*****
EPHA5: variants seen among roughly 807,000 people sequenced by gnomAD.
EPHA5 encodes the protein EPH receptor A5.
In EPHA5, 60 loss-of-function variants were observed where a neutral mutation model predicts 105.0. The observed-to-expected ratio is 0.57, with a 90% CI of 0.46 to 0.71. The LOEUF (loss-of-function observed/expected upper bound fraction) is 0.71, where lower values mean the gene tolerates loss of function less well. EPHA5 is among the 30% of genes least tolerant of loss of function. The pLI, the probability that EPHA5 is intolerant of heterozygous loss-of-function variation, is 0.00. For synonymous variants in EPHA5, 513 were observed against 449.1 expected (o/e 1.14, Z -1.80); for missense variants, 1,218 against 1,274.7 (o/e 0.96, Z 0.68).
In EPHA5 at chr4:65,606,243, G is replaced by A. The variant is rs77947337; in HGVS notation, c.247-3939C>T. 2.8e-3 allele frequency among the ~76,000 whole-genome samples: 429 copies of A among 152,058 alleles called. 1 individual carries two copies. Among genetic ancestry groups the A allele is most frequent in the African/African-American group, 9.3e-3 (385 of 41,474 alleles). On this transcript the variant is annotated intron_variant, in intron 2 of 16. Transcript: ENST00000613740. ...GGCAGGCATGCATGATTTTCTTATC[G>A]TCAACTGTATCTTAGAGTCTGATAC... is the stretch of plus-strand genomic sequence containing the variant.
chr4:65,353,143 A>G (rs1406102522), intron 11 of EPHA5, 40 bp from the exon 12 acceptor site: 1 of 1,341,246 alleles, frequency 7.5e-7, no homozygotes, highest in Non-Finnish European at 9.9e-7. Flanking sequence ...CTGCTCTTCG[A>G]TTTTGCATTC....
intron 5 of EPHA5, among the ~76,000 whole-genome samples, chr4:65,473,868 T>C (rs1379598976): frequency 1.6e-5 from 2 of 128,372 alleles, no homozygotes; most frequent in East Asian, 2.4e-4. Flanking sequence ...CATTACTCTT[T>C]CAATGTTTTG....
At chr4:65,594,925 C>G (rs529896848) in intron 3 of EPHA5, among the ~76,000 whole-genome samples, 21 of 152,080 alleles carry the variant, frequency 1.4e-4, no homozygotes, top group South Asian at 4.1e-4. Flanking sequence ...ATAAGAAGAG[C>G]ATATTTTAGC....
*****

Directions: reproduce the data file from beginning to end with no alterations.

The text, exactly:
EPHA5: variants seen among roughly 807,000 people sequenced by gnomAD.
EPHA5 encodes the protein EPH receptor A5.
In EPHA5, 60 loss-of-function variants were observed where a neutral mutation model predicts 105.0. The observed-to-expected ratio is 0.57, with a 90% CI of 0.46 to 0.71. The LOEUF (loss-of-function observed/expected upper bound fraction) is 0.71, where lower values mean the gene tolerates loss of function less well. EPHA5 is among the 30% of genes least tolerant of loss of function. The pLI, the probability that EPHA5 is intolerant of heterozygous loss-of-function variation, is 0.00. For synonymous variants in EPHA5, 513 were observed against 449.1 expected (o/e 1.14, Z -1.80); for missense variants, 1,218 against 1,274.7 (o/e 0.96, Z 0.68).
In EPHA5 at chr4:65,606,243, G is replaced by A. The variant is rs77947337; in HGVS notation, c.247-3939C>T. 2.8e-3 allele frequency among the ~76,000 whole-genome samples: 429 copies of A among 152,058 alleles called. 1 individual carries two copies. Among genetic ancestry groups the A allele is most frequent in the African/African-American group, 9.3e-3 (385 of 41,474 alleles). On this transcript the variant is annotated intron_variant, in intron 2 of 16. Transcript: ENST00000613740. ...GGCAGGCATGCATGATTTTCTTATC[G>A]TCAACTGTATCTTAGAGTCTGATAC... is the stretch of plus-strand genomic sequence containing the variant.
chr4:65,353,143 A>G (rs1406102522), intron 11 of EPHA5, 40 bp from the exon 12 acceptor site: 1 of 1,341,246 alleles, frequency 7.5e-7, no homozygotes, highest in Non-Finnish European at 9.9e-7. Flanking sequence ...CTGCTCTTCG[A>G]TTTTGCATTC....
intron 5 of EPHA5, among the ~76,000 whole-genome samples, chr4:65,473,868 T>C (rs1379598976): frequency 1.6e-5 from 2 of 128,372 alleles, no homozygotes; most frequent in East Asian, 2.4e-4. Flanking sequence ...CATTACTCTT[T>C]CAATGTTTTG....
At chr4:65,594,925 C>G (rs529896848) in intron 3 of EPHA5, among the ~76,000 whole-genome samples, 21 of 152,080 alleles carry the variant, frequency 1.4e-4, no homozygotes, top group South Asian at 4.1e-4. Flanking sequence ...ATAAGAAGAG[C>G]ATATTTTAGC....